(RxWiki News) Higher levels of fat around a man’s heart have often been associated with heart disease. However, when it comes to determining a man’s risk for heart disease, his race, ethnicity and fat storage may be key.
In a recent study, researchers studied heart disease risk in men based on a number of factors, such as race, ethnicity and where they stored body fat.
The study authors noted that doctors may want to take into account race and ethnicity when designing obesity-related medical programs.
"Speak with a dietitian if you are battling your weight."
Lead study author Samar El Khoudary, PhD, of the University of Pittsburgh’s Graduate School of Public Health, said in a press release that “if you are an African American man and carry excess weight around the mid-section, then you have a higher likelihood of more fat around the heart than if you gain weight evenly throughout your body.”
“But the reverse is true for Koreans — their heart disease risk is greater with overall weight gain. Knowing this can help doctors specify the right physical training for each racial ethnic group to reduce their heart disease risk” he said.
Dr. El Khoudary and team studied patients from a past study known as the ERA Jump study. That study included data obtained from electron-beam tomography (EBCT). EBCT is a test used to detect heart disease.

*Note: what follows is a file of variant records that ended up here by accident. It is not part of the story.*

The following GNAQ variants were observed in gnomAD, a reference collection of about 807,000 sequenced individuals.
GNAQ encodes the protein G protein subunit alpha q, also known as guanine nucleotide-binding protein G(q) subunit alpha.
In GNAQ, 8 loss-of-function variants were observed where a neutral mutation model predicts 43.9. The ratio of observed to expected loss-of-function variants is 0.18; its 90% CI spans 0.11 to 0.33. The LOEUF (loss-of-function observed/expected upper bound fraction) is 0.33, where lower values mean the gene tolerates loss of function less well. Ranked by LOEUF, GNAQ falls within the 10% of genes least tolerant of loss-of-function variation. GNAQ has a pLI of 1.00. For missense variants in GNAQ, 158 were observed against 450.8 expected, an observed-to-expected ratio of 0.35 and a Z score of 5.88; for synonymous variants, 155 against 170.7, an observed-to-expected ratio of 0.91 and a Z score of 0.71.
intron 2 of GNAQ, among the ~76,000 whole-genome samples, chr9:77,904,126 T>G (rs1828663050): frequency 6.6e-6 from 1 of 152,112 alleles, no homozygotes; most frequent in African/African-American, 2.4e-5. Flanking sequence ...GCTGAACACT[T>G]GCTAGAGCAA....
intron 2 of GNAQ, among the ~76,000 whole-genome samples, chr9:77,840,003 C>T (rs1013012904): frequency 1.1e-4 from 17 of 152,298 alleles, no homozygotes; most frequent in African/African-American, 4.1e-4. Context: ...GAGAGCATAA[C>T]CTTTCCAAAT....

The patients were healthy men, ages 40 to 49, enrolled between the years 2002 and 2006. All patients underwent a physical exam and took a lifestyle survey.
The research team reviewed the medical histories of 1,199 patients who were white, black, Japanese or Korean.
Healthy males were free of heart disease, type 1 diabetes and other severe diseases.
The researchers looked at the amount of ectopic cardiovascular fat (ECF) around patients' hearts. Higher volumes of ECF are often associated with heart disease risk.
The study authors noted that, for white males, greater body mass index (BMI) and stomach fat were equally likely to reveal increased levels of fat around the heart. BMI is a height-to-weight measure of total body fat.
Korean males with higher BMIs had greater chances of having fat around their hearts, but stomach fat mattered less. Japanese men's BMIs has less of an impact on ECF, but they were at risk if they carried fat in their stomachs. The study authors noted that, overall, Asians had a lower risk of heart disease than whites.
Black men who carried more weight around their stomachs were at a similar risk of having more fat around the heart and faced a higher risk for obesity-related heart disease than other racial groups.
"This article suggests that different ethnic groups have different risks for developing fatty hearts depending on where they store fat," said Jeffrey Schussler, MD, an interventional cardiologist at Baylor Heart and Vascular Hospital and Baylor University Medical Center at Dallas.
"It's an interesting observation, but since we can't choose where we store fat, the bottom line is to try not to store extra fat, as some of it may end up being stored around your heart," said Dr. Schussler, who was not involved in this study.
Dr. El Khoudary concluded medical providers may want to focus their efforts on reducing overall BMI and stomach fat levels, depending on patient race or ethnicity.
This study was published Sept. 10 in the International Journal of Obesity.
Grants from the National Institutes of Health and Japanese Ministry of Education funded the research. The authors disclosed no conflicts of interest.